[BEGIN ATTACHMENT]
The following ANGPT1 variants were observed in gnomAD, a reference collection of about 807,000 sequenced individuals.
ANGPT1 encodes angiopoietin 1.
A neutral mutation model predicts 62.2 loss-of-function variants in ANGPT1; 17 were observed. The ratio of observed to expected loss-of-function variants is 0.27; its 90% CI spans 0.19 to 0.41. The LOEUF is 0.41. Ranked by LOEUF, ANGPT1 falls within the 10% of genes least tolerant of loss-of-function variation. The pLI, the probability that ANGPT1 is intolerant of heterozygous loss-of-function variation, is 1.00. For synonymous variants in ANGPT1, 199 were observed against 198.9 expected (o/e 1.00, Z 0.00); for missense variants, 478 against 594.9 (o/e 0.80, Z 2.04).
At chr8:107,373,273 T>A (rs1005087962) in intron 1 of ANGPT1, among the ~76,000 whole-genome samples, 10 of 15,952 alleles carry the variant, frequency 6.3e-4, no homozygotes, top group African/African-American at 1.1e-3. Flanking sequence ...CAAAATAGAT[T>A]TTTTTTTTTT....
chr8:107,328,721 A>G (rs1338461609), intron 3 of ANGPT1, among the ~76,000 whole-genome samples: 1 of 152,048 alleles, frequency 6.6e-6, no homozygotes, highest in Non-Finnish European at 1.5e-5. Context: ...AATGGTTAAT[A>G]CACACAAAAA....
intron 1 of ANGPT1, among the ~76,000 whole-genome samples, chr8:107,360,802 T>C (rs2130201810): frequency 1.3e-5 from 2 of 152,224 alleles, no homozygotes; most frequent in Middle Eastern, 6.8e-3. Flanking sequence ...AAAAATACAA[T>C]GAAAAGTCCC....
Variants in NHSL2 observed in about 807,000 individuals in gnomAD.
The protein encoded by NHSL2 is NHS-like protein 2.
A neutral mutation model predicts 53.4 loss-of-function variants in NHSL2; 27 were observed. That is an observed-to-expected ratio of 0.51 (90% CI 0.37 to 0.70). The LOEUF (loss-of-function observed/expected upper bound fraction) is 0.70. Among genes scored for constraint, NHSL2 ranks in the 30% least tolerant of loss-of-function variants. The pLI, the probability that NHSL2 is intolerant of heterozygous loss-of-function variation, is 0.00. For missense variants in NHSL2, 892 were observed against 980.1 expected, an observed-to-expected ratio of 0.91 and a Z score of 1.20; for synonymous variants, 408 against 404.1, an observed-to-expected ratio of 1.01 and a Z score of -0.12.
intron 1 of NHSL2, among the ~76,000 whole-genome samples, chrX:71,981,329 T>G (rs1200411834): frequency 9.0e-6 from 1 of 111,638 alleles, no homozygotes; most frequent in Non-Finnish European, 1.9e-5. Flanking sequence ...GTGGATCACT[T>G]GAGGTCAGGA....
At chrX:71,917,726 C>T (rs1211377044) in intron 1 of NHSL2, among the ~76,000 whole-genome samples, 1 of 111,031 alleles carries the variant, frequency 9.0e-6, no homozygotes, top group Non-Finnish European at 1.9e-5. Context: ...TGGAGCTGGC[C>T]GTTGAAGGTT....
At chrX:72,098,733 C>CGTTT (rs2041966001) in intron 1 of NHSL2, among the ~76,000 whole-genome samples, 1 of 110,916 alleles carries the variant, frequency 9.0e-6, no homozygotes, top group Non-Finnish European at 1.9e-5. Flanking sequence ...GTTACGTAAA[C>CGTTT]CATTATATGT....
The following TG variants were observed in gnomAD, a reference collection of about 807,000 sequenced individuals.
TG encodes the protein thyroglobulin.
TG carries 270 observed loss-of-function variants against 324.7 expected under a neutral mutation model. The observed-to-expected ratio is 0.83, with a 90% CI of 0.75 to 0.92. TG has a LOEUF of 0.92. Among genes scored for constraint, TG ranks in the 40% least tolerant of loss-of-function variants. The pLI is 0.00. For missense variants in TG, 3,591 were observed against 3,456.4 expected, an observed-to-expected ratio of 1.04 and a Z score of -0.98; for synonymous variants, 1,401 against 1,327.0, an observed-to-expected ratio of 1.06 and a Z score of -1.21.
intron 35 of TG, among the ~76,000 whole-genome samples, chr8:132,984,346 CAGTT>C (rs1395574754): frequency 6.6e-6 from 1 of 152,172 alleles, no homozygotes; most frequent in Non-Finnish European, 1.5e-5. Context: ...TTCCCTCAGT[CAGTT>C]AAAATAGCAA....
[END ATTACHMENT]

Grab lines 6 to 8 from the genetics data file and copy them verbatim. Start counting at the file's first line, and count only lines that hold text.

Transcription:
intron 1 of ANGPT1, among the ~76,000 whole-genome samples, chr8:107,360,802 T>C (rs2130201810): frequency 1.3e-5 from 2 of 152,224 alleles, no homozygotes; most frequent in Middle Eastern, 6.8e-3. Flanking sequence ...AAAAATACAA[T>C]GAAAAGTCCC....
Variants in NHSL2 observed in about 807,000 individuals in gnomAD.
The protein encoded by NHSL2 is NHS-like protein 2.